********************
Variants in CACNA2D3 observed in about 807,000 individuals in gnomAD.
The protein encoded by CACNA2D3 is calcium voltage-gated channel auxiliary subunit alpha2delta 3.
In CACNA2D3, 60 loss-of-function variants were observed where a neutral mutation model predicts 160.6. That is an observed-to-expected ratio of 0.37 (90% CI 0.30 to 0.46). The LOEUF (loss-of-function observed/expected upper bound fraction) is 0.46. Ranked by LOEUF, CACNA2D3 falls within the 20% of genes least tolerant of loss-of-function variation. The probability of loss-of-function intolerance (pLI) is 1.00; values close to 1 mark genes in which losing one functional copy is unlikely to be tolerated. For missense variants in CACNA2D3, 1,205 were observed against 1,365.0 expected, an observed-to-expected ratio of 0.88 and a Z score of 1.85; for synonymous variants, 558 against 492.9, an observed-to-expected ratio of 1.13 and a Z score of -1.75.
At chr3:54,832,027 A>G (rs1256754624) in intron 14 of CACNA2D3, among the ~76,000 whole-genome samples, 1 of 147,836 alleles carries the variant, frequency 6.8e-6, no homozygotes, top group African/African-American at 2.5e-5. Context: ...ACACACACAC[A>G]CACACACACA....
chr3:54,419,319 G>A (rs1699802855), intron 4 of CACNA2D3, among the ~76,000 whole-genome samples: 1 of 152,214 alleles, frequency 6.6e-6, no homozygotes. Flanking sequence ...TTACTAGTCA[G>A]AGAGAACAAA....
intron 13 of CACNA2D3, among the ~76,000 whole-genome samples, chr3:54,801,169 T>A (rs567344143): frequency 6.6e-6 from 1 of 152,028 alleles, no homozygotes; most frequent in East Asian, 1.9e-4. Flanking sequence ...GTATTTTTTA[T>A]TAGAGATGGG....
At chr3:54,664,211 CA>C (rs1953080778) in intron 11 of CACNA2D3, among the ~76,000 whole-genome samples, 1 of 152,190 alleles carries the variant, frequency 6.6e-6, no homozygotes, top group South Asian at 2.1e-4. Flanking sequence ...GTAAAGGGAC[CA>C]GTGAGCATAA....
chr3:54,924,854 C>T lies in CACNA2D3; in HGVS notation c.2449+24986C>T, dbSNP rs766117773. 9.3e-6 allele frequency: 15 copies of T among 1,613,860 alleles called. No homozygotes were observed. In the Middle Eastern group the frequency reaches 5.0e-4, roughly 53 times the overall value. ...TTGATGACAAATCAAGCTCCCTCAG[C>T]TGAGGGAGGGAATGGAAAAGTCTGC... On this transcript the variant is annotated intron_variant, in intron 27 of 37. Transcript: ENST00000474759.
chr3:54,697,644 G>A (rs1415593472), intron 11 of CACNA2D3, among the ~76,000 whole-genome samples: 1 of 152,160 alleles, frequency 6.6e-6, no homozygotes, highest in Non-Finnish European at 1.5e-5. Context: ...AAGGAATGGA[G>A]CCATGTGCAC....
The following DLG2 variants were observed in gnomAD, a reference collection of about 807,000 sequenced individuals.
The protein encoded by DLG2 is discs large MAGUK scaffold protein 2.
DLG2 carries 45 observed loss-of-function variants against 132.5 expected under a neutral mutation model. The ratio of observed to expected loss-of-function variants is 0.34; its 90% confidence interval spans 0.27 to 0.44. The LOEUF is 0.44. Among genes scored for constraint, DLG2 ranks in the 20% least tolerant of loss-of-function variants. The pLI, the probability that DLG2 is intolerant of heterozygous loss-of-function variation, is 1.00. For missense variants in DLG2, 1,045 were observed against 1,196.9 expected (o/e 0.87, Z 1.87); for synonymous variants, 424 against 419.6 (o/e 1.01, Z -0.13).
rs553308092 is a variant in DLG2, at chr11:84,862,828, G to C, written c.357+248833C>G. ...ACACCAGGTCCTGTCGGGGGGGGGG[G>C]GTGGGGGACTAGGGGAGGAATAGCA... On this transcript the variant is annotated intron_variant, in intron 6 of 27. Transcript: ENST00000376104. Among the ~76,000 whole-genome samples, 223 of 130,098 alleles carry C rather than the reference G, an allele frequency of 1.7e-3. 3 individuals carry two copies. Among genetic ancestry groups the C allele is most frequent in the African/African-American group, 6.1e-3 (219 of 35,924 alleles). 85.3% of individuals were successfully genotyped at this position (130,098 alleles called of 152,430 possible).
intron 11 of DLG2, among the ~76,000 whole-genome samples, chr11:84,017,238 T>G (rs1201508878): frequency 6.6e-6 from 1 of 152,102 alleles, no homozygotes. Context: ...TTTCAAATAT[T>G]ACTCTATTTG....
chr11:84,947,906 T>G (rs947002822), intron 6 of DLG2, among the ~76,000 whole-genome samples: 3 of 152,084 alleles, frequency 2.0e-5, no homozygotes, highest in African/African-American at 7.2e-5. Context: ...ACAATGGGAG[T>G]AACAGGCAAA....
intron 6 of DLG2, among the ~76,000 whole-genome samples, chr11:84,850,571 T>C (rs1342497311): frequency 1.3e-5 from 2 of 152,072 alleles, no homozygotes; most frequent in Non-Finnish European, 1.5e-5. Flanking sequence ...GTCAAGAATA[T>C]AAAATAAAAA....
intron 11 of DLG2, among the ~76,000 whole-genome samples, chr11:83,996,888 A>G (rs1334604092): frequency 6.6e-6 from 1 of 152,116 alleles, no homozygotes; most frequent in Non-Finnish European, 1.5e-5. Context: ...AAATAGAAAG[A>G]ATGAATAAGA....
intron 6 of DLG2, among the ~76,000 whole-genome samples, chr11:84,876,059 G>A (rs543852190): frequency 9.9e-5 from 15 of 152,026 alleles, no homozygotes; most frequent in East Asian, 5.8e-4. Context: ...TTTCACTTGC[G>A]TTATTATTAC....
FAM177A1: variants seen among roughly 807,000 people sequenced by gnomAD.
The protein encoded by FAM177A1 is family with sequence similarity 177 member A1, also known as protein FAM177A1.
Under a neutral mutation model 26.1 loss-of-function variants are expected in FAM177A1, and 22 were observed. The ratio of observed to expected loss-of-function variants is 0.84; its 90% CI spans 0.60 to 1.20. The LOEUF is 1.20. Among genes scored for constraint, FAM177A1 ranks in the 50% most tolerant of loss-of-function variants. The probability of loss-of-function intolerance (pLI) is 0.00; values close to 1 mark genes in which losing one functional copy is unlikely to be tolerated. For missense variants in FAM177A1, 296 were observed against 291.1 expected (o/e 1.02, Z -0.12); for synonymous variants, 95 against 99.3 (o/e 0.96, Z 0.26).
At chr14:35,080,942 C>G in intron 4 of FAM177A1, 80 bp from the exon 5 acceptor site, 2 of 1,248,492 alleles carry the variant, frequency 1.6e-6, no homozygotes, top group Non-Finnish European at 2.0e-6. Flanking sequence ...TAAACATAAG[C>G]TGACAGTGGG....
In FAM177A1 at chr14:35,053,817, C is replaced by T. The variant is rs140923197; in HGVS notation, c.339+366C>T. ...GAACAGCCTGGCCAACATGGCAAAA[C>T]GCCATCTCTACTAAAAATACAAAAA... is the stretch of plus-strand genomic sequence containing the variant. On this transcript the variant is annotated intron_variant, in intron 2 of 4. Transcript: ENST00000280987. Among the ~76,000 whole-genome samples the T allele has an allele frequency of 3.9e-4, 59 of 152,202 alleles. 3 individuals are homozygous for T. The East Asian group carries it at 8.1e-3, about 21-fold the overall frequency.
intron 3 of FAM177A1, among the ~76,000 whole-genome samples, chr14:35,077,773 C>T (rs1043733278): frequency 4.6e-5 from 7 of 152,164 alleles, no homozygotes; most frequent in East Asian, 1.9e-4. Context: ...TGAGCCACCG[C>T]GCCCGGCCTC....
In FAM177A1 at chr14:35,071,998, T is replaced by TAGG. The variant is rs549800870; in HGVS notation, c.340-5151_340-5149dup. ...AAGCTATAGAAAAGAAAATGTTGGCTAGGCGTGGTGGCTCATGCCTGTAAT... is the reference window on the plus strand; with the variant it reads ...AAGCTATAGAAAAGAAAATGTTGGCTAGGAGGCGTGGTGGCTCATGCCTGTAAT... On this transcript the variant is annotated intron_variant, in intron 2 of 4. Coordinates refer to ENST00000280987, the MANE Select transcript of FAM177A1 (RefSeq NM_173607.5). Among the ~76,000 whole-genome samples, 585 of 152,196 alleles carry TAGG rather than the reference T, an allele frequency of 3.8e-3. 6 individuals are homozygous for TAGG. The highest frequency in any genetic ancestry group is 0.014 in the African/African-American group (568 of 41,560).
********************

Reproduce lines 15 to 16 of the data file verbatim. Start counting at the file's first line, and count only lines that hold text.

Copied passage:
chr11:84,947,906 T>G (rs947002822), intron 6 of DLG2, among the ~76,000 whole-genome samples: 3 of 152,084 alleles, frequency 2.0e-5, no homozygotes, highest in African/African-American at 7.2e-5. Context: ...ACAATGGGAG[T>G]AACAGGCAAA....
intron 6 of DLG2, among the ~76,000 whole-genome samples, chr11:84,850,571 T>C (rs1342497311): frequency 1.3e-5 from 2 of 152,072 alleles, no homozygotes; most frequent in Non-Finnish European, 1.5e-5. Flanking sequence ...GTCAAGAATA[T>C]AAAATAAAAA....